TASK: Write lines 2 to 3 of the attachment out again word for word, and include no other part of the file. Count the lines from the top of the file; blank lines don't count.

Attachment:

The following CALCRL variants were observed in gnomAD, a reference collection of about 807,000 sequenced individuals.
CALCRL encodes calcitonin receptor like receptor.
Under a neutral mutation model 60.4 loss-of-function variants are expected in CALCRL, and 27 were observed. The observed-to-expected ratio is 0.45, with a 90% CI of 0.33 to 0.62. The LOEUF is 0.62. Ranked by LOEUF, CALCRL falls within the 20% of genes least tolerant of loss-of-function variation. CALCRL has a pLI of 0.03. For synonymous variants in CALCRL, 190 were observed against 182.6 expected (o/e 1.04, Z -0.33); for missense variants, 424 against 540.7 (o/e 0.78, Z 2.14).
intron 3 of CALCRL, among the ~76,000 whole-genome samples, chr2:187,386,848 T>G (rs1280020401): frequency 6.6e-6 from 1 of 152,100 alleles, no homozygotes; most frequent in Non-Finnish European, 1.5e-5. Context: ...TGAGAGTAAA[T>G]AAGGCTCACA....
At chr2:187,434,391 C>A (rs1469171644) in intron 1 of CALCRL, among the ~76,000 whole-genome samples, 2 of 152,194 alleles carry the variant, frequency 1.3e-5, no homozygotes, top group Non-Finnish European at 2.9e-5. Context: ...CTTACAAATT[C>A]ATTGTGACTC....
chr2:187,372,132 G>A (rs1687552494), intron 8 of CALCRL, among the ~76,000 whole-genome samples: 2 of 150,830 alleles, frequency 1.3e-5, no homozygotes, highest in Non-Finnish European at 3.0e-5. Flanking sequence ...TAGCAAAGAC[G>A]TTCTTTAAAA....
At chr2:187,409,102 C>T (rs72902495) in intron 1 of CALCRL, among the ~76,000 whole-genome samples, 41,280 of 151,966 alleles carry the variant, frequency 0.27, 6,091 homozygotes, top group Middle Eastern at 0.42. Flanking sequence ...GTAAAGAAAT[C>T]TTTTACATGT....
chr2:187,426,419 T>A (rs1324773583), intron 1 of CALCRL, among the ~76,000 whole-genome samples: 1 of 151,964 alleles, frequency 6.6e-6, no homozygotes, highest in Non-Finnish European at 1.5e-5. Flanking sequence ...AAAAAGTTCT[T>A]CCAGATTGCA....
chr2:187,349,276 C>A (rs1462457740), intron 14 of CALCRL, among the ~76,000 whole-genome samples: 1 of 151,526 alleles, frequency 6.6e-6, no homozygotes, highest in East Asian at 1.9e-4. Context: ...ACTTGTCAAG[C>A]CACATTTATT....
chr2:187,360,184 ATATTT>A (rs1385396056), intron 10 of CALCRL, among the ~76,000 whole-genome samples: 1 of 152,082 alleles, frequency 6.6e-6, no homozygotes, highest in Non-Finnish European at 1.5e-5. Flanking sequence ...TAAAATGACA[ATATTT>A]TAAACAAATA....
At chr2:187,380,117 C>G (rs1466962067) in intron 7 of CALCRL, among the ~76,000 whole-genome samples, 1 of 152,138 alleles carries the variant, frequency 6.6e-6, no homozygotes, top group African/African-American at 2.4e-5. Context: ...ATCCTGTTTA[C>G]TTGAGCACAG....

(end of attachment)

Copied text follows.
CALCRL encodes calcitonin receptor like receptor.
Under a neutral mutation model 60.4 loss-of-function variants are expected in CALCRL, and 27 were observed. The observed-to-expected ratio is 0.45, with a 90% CI of 0.33 to 0.62. The LOEUF is 0.62. Ranked by LOEUF, CALCRL falls within the 20% of genes least tolerant of loss-of-function variation. CALCRL has a pLI of 0.03. For synonymous variants in CALCRL, 190 were observed against 182.6 expected (o/e 1.04, Z -0.33); for missense variants, 424 against 540.7 (o/e 0.78, Z 2.14).